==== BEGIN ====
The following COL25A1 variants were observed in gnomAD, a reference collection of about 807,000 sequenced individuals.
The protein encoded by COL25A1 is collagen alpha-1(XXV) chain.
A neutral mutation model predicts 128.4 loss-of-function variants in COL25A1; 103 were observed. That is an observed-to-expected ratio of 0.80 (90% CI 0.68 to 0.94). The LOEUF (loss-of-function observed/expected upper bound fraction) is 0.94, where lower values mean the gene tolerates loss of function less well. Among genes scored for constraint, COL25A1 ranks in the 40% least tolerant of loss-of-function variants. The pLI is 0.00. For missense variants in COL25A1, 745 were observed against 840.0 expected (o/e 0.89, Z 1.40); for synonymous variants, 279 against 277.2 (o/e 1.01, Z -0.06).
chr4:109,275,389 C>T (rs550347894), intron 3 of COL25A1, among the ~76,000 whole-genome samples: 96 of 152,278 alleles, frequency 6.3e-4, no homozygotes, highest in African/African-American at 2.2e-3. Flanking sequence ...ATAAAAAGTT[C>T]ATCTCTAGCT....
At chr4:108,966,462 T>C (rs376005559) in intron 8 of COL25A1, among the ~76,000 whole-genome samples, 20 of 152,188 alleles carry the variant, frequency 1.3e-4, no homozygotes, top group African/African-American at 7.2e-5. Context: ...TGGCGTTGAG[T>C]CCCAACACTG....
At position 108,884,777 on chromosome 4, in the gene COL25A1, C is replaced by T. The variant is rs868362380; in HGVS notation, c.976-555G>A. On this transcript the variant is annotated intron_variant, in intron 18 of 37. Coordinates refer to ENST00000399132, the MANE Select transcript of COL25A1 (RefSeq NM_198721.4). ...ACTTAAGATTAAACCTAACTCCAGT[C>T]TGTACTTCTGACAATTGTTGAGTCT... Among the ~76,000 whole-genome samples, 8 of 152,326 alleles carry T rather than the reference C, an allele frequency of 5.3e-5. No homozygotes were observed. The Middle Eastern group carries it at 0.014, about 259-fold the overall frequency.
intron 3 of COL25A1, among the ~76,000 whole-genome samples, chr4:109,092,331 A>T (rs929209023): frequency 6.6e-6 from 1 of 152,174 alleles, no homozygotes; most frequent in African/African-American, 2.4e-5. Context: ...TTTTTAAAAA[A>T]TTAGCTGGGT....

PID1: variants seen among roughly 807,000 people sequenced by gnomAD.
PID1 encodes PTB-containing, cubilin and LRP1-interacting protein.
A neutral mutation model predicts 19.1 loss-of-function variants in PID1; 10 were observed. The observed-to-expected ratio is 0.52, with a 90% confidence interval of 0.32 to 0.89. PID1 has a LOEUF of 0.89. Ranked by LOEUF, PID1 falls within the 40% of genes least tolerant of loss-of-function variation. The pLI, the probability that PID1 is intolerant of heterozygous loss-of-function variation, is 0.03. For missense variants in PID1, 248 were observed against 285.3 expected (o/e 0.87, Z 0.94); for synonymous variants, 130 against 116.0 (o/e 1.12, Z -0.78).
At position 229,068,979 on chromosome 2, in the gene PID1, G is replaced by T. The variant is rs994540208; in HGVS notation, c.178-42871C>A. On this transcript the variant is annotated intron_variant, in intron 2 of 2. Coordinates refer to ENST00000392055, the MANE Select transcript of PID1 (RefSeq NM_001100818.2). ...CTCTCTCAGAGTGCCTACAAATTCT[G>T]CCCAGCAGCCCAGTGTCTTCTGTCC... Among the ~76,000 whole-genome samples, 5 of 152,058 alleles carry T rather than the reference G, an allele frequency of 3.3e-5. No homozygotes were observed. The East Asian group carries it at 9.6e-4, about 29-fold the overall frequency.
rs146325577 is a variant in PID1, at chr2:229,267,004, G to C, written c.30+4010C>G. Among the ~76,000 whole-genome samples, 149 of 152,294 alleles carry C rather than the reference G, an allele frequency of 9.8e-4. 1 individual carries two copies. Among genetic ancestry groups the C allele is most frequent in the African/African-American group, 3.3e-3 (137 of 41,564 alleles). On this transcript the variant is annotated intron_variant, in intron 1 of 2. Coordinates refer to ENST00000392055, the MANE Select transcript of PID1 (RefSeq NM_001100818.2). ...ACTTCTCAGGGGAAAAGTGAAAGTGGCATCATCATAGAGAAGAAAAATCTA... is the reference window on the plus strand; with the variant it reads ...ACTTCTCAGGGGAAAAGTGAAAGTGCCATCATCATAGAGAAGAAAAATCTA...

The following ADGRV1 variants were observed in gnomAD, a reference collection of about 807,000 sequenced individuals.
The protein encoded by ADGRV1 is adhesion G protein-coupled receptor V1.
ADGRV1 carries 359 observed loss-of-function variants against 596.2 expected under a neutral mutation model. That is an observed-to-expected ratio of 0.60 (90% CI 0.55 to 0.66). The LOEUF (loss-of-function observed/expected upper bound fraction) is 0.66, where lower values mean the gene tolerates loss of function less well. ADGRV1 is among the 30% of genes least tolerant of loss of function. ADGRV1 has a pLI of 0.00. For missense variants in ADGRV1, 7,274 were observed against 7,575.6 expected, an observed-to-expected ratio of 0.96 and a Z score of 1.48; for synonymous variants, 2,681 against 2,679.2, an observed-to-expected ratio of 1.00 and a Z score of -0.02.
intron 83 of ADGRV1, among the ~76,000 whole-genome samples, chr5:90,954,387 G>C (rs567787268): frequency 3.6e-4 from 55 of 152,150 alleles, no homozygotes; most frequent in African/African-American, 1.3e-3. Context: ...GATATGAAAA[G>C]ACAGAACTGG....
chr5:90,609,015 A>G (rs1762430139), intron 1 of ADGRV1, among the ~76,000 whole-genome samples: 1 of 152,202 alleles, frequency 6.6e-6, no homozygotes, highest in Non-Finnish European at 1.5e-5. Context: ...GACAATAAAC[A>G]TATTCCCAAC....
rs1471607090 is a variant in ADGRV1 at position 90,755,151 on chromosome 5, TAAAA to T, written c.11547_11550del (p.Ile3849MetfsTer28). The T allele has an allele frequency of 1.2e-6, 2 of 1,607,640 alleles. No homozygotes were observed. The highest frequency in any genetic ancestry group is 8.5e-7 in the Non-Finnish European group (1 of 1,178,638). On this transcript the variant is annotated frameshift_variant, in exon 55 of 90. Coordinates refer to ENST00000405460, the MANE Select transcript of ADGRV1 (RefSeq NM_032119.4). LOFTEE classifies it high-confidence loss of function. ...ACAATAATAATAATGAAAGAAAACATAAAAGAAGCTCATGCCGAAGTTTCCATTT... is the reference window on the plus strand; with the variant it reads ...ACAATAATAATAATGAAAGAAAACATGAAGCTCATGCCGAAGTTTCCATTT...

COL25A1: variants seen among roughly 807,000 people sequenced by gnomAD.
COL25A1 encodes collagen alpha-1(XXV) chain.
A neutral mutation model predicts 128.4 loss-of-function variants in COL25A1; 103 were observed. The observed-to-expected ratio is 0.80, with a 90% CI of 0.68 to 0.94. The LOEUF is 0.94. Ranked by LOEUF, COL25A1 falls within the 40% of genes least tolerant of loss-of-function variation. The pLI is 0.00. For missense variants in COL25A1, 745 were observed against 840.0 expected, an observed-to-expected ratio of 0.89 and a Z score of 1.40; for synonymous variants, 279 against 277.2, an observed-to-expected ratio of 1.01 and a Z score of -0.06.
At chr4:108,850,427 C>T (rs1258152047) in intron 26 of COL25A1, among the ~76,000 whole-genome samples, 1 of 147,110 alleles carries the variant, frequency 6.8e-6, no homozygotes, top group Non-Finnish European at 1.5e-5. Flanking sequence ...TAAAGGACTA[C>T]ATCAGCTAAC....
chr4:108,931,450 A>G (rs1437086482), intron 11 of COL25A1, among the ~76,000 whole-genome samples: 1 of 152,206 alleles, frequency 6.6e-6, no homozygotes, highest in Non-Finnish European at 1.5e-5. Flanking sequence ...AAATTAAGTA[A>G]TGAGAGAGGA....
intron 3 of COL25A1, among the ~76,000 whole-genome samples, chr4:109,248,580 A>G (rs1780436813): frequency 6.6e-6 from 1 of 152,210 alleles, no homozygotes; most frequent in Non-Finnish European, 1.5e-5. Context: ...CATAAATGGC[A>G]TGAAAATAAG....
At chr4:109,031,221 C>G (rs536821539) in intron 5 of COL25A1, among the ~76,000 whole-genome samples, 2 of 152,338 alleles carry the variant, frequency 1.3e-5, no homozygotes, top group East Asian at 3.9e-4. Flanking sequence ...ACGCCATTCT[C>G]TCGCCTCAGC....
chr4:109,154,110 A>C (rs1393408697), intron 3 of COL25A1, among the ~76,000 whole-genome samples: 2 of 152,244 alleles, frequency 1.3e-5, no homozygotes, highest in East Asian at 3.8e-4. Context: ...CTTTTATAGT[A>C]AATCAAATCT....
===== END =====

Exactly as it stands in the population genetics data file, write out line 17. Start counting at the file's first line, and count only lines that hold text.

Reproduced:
chr5:90,609,015 A>G (rs1762430139), intron 1 of ADGRV1, among the ~76,000 whole-genome samples: 1 of 152,202 alleles, frequency 6.6e-6, no homozygotes, highest in Non-Finnish European at 1.5e-5. Context: ...GACAATAAAC[A>G]TATTCCCAAC....